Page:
COVID-19 border closure – the fine print
At 11.59 pm on Thursday 19 March 2020 New Zealand, for the very first time, introduced a blanket border closure for all waiver and existing temporary visa holders, and some resident visa holders currently offshore. While it initially seemed any person with New Zealand citizenship or who held resident visa was exempt, that is not the case, it is far more reaching than initial media reported.
In addition, even though the restrictions have been put in place until 11.59 pm on 31 March 2020, our view is that these restrictions are likely to be set in place for at least three months.
Who is now excluded?
The new restrictions confirm the following people are excluded, unless an exemption (refer below) applies:
- All resident class visa holders where their visa was granted offshore and the person is arriving in New Zealand for the first time*; and
- All temporary entry class visa holders and visa-waiver travellers.
The first listed exclusion was an interesting surprise read this morning out of the full policy release that came out at midnight last night. However, there is some uncertainty as to what the highlighted phrase* above actually means. It can be read in two ways. The term for the first time could refer to travel on that resident visa issued offshore that you have not travelled to New Zealand on previously (i.e. where someone obtains their first resident visa while outside New Zealand and have not travelled to New Zealand on that visa yet), or it could mean anyone holding a resident visa that has been issued offshore can enter as long as they have been to New Zealand in the past (on a temporary visa).
Immigration New Zealand have advised that further clarification will be forth coming on this interpretation issue, however, our view is that it is the former. It appears that if you have been issued a resident visa while offshore and you have not travelled to New Zealand before on that visa to activate the travel conditions, you are now locked out subject to an exemption applying (refer below).
People allowed entry
For clarity we set out the main list of who have permission to enter. They are:
- All New Zealand citizens;
- New Zealand resident and permanent resident visa holders; (note how this seems to contravene the position above so has caused confusion)
- The partner, dependent children or legal guardian travelling with a New Zealand citizen, resident or permanent resident visa holder;
- Australian citizens and permanent resident visa holders whose primary place of residence is New Zealand; and
- Aircraft crew and marine crew.
The second point (wording) above seems to directly contravene the exclusion of new resident visa holders listed above, however, we believe this most likely should have been drafted as follows:
“New Zealand resident visa holders with activated travel conditions and all permanent resident visa holders”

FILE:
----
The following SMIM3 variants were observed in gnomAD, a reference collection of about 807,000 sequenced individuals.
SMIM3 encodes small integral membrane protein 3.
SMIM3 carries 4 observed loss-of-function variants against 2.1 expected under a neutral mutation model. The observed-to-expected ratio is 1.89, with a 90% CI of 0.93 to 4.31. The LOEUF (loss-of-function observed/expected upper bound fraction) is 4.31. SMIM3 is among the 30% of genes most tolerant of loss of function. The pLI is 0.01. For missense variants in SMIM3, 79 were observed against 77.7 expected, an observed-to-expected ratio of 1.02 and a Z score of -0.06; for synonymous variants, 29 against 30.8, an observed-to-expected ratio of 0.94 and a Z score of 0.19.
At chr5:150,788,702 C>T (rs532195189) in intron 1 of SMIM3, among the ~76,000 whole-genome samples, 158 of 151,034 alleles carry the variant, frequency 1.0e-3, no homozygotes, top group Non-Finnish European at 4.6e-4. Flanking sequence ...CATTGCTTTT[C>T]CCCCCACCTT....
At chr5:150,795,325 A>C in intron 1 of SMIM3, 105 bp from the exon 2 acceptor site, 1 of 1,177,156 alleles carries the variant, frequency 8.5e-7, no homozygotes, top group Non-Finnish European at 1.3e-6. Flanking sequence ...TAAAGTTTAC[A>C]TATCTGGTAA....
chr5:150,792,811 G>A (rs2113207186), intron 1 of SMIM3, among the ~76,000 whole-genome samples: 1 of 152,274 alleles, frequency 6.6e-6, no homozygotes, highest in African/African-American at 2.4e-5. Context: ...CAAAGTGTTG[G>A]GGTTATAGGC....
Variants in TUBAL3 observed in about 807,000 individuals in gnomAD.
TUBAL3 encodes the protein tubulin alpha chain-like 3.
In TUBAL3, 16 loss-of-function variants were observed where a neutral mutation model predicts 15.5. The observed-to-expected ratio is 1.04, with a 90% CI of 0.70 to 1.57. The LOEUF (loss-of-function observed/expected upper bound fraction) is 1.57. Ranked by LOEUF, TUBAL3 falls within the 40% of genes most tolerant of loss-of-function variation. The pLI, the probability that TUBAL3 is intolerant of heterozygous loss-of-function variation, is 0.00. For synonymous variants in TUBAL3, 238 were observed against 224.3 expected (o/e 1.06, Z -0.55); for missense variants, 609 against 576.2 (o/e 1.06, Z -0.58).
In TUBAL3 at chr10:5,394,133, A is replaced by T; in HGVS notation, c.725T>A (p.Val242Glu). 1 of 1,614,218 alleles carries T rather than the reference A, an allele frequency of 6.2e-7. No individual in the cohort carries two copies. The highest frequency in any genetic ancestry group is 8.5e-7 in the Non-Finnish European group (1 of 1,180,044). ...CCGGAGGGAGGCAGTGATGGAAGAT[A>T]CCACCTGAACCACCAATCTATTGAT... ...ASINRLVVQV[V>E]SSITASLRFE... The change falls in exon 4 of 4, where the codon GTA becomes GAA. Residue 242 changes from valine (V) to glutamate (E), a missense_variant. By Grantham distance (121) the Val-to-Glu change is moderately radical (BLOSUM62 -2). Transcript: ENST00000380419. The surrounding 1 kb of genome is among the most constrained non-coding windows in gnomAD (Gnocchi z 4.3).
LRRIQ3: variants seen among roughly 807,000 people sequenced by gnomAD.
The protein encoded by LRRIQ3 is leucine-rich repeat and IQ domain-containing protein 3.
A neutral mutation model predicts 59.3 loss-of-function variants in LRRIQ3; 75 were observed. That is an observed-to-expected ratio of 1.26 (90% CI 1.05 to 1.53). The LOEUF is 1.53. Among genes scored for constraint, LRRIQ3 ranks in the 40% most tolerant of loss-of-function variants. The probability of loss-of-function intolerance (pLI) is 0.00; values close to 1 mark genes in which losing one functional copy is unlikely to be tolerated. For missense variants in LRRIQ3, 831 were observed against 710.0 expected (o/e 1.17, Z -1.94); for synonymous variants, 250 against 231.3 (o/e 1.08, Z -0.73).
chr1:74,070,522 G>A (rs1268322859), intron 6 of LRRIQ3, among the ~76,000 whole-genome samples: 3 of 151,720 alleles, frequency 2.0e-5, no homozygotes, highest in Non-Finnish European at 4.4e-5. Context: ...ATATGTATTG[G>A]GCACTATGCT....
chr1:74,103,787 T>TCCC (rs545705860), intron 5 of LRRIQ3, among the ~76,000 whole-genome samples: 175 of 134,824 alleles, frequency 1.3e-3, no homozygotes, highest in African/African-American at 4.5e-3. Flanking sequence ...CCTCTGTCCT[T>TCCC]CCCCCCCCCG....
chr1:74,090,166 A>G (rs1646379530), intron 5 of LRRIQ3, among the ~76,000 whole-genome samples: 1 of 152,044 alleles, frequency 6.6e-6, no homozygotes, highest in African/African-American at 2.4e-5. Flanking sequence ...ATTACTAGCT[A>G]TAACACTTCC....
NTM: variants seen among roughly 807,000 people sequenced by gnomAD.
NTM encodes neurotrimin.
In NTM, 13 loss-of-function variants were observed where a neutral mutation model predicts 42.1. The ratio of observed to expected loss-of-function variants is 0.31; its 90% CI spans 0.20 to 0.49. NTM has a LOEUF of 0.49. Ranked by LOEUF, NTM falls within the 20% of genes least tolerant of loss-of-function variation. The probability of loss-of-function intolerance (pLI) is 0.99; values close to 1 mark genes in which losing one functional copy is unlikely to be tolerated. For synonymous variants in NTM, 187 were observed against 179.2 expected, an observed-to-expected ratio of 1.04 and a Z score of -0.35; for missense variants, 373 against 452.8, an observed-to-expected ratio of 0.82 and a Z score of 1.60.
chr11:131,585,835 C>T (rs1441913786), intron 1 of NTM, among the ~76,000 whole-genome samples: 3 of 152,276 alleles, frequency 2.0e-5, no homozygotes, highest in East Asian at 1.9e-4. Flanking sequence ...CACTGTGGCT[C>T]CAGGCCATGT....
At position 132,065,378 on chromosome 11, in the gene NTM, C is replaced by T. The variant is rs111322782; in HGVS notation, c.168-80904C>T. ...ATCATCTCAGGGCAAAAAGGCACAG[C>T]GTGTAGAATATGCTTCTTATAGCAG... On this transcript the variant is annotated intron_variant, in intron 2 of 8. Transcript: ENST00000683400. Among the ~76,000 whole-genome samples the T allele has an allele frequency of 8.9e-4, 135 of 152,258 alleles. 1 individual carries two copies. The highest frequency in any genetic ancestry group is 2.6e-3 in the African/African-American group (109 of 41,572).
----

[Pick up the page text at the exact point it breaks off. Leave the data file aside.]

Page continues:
This would align with the listed exclusion as it means resident visa holders who have been to New Zealand on that resident visa, and any permanent resident visa holder (as they have already spent a long time in New Zealand on a resident visa) are permitted entry.
How can someone on the exclusion list obtain entry permission?
If you are on the exclusion list you can still apply for an exemption to be able to travel. They will be issued on a case-by-case basis in exceptional circumstances for:
- Humanitarian reasons
- Essential health workers, as confirmed by the Ministry of Health;
- Other essential workers, as defined by the New Zealand Government;
- Citizens of Samoa and Tonga, for essential travel to New Zealand; and
- Partners and dependents of temporary work or student visa holders who normally live in New Zealand where the temporary work or student holder is currently in New Zealand.
The issue here is that the key terms in italics above are yet to be defined, so this is a policy that is not definitive and currently there is no guide to INZ as to who is able to meet those definitions. No doubt over the coming days work will be undertaken to better define these exemptions to allow more visa processing certainty.
In addition INZ have not yet set up a formal process to apply for an exemption so they are currently working on that urgently.
In the interim however we are starting to obtain a practical understanding of what some of these terms could mean based on discussions with INZ today, but it is fair to say that INZ staff are also waiting for more information and guidance from Wellington on these exemptions too.
Where to from here?
It is apparent that these new restrictions will be far reaching and in some instances will have consequences that were not perhaps appreciated or intended, especially for new resident visa holders under the investor categories who have invested millions of dollars in New Zealand to secure their first resident visas recently and can no longer travel here on them. Expect more information to circulate to clarify and possibly amend these regulations moving forward.
In light of these developments we will also be releasing a guide to employers next week on some recommended (immediate) immigration approaches for their existing migrant employees in New Zealand, especially those holding essential skills work visas.
For further information or assistance with emigration please contact Lane Neave Lawyers on + 64 3 379 3720 or email firstname.lastname@example.org
t +64 3 353 1063
m +64 21 222 2363
t +64 3 372 6323
m +64 21 1306 540
t +64 9 300 6262
m +64 27 517 4828